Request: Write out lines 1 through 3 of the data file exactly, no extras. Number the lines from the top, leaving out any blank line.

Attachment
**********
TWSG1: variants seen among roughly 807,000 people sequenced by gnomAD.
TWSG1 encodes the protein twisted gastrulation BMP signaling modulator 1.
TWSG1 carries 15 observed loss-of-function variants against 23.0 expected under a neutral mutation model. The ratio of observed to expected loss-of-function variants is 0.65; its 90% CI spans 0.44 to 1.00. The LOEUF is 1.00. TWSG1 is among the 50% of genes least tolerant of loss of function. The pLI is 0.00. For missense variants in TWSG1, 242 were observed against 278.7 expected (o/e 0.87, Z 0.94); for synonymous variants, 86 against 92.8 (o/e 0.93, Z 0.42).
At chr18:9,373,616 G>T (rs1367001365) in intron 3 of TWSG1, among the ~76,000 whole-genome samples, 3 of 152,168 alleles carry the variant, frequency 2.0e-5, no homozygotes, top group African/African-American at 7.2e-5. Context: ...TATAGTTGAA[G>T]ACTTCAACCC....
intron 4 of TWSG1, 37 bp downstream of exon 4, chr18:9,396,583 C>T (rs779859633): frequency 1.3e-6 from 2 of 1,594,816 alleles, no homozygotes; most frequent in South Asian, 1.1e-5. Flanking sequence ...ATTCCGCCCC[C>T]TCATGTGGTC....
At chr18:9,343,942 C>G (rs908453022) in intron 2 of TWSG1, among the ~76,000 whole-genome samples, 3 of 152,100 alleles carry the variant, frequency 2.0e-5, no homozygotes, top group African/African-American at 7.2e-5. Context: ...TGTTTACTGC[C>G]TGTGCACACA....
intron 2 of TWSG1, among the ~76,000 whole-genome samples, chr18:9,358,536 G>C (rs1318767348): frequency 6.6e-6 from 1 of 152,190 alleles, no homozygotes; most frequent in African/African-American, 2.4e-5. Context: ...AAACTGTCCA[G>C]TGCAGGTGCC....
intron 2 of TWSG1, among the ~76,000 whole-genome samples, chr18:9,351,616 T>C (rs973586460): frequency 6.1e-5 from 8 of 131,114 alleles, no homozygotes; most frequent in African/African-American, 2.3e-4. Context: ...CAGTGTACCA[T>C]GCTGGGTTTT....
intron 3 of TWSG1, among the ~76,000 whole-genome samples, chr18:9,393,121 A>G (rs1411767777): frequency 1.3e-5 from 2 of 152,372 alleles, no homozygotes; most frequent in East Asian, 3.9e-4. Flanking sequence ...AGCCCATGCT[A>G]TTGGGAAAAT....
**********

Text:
TWSG1: variants seen among roughly 807,000 people sequenced by gnomAD.
TWSG1 encodes the protein twisted gastrulation BMP signaling modulator 1.
TWSG1 carries 15 observed loss-of-function variants against 23.0 expected under a neutral mutation model. The ratio of observed to expected loss-of-function variants is 0.65; its 90% CI spans 0.44 to 1.00. The LOEUF is 1.00. TWSG1 is among the 50% of genes least tolerant of loss of function. The pLI is 0.00. For missense variants in TWSG1, 242 were observed against 278.7 expected (o/e 0.87, Z 0.94); for synonymous variants, 86 against 92.8 (o/e 0.93, Z 0.42).